While many adventurous travelers were disappointed to see the famous bus from the “Into the Wild” book removed from its original iconic location, it was just announced that the bus will now have a new permanent home: at the Museum of the North, at the University of Alaska.
Here are the details.
I won’t repeat everything. In our detailed article about the bus’ removal, we covered:
- the story behind the bus in the Alaska wilderness (and why it was a popular pilgrimage)
- why they removed it (TL;DR to stop people from dying)
- the spectacular video of the bus being airlifted by a helicopter
The new location
For all the reasons mentioned in that previous article, a lot of people wanted the famous Bus 142 to remain publicly-accessible as a form of tribute.
The good news is that a deal was apparently been reached.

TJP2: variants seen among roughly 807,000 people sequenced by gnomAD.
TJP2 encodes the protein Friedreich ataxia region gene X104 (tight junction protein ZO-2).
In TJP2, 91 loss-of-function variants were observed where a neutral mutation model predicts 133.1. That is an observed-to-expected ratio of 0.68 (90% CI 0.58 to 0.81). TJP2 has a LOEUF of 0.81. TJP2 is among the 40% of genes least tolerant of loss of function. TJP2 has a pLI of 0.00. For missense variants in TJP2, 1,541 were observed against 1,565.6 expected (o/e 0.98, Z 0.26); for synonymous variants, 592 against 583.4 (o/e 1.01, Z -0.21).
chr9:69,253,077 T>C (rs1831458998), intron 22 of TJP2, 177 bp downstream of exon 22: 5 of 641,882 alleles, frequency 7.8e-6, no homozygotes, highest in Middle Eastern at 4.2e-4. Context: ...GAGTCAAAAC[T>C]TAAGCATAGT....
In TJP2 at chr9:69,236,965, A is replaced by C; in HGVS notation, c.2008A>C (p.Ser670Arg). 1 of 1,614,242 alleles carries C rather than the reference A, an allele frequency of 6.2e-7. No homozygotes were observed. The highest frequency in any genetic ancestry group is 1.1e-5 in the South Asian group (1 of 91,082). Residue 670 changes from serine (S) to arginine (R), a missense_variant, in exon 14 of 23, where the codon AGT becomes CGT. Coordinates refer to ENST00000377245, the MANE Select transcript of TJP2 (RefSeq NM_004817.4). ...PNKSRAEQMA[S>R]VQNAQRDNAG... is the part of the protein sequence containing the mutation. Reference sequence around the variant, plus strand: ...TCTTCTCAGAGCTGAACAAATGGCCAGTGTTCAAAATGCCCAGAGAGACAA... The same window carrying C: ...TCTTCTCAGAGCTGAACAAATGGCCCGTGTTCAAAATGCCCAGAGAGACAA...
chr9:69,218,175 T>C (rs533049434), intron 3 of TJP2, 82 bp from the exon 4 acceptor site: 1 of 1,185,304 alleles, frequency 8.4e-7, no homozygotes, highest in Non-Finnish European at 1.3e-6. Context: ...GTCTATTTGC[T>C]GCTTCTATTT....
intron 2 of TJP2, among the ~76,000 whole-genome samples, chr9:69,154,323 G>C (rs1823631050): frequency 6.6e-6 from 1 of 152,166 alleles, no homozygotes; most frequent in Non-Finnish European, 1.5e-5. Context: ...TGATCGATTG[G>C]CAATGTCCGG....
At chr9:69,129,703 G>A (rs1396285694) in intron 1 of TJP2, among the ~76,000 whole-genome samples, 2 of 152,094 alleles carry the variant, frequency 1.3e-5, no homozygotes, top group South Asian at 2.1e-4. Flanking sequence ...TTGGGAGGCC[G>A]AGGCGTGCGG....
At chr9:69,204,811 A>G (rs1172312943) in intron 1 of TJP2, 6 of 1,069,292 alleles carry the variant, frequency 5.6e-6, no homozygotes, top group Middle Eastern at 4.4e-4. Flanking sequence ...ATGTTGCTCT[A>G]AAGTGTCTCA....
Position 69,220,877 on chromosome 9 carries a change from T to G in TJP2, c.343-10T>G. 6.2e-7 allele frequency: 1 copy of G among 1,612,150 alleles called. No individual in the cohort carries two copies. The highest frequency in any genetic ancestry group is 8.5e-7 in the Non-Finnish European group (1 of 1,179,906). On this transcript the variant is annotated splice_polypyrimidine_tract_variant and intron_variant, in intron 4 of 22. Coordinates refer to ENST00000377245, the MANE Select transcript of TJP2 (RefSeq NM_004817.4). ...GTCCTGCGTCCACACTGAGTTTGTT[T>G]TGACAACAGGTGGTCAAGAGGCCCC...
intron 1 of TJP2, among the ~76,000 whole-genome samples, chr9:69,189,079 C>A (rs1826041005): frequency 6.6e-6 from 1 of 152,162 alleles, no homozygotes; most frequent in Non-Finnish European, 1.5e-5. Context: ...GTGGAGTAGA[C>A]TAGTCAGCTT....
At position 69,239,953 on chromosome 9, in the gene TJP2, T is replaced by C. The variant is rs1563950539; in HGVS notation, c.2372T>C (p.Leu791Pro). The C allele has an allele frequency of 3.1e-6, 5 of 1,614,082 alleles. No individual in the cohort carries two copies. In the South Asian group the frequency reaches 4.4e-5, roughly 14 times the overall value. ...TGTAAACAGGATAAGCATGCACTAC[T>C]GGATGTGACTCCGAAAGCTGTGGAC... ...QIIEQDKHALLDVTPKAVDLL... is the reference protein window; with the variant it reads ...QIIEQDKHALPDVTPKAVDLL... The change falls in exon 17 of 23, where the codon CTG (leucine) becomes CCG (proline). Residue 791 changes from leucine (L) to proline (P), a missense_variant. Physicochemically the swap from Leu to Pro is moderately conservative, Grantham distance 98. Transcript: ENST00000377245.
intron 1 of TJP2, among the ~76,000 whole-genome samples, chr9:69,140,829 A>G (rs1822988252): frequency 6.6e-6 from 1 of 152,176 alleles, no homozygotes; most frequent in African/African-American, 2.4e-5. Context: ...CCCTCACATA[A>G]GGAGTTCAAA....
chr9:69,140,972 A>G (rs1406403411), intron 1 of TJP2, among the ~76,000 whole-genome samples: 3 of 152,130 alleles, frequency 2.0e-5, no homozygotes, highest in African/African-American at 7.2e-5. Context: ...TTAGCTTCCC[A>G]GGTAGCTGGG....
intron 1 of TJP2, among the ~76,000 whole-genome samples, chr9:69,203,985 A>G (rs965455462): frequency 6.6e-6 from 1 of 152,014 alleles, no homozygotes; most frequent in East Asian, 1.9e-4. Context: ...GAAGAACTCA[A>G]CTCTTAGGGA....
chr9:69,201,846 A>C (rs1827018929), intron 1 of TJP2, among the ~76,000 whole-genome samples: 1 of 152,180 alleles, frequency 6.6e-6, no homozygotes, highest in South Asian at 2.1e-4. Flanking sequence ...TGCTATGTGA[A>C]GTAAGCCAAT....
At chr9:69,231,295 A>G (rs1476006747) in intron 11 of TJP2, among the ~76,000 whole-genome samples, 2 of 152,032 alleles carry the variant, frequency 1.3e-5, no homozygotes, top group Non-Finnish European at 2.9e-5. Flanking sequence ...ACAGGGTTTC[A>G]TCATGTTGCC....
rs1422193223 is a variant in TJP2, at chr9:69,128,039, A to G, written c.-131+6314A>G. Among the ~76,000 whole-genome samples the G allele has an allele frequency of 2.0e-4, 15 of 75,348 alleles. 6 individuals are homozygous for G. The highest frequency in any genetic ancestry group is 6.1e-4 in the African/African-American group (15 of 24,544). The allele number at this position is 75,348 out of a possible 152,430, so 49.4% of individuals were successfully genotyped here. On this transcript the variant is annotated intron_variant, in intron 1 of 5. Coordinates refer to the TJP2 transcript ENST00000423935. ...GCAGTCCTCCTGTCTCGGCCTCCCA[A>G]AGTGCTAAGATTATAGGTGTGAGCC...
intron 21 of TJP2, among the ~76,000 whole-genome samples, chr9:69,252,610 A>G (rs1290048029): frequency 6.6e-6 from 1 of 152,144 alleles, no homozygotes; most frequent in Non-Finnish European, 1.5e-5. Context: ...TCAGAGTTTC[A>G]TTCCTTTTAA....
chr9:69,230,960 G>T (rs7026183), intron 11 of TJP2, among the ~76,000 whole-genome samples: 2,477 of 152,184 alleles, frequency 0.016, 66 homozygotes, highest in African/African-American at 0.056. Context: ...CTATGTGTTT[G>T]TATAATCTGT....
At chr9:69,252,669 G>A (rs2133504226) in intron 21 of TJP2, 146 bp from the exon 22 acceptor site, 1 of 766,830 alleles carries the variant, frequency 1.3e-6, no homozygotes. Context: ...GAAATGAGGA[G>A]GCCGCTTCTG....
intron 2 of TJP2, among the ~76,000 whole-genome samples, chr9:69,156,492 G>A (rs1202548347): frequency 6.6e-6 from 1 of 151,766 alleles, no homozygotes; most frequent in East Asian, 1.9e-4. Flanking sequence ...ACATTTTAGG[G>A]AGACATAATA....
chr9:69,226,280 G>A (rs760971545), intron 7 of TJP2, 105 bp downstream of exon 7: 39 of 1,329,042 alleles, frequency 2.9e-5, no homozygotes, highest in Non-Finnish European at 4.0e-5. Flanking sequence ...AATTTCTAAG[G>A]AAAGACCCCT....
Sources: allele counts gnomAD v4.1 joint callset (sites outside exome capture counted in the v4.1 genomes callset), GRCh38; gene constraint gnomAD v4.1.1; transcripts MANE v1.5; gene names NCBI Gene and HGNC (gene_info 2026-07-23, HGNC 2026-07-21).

The University of Alaska, located in Fairbanks (the state’s second-largest city) operates the Museum of the North.
That’s where the bus will be preserved in the future. Many institutions across the country applied, but they wanted to choose one that was close by: it happens to be about 200 kilometers from the original location. Given how remote the “Magic Bus” was, that’s pretty decent and it would’ve been hard to do better than that.
Alaska’s Natural Resources Commissioner Corri Feige said: “I believe that giving Bus 142 a long-term home in Fairbanks at the UA Museum of the North can help preserve and tell the stories of all these people. It can honor all of the lives and dreams, as well as the deaths and sorrows associated with the bus, and do so with respect and dignity.”
So you’ll still be able to go on an epic journey to Alaska to see the bus… but it’s a journey that will be a lot different (and safer) than it would have been 2 months ago.
That said, I doubt there is any shortage of amazing adventures in the US’ largest state.
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The famous Bus 142 will soon be publicly-accessible in Fairbanks, Alaska.
What do you think of this development? Tell us in the comments below.
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Featured image: bus removal video screen capture (photo credit: Military Thread)
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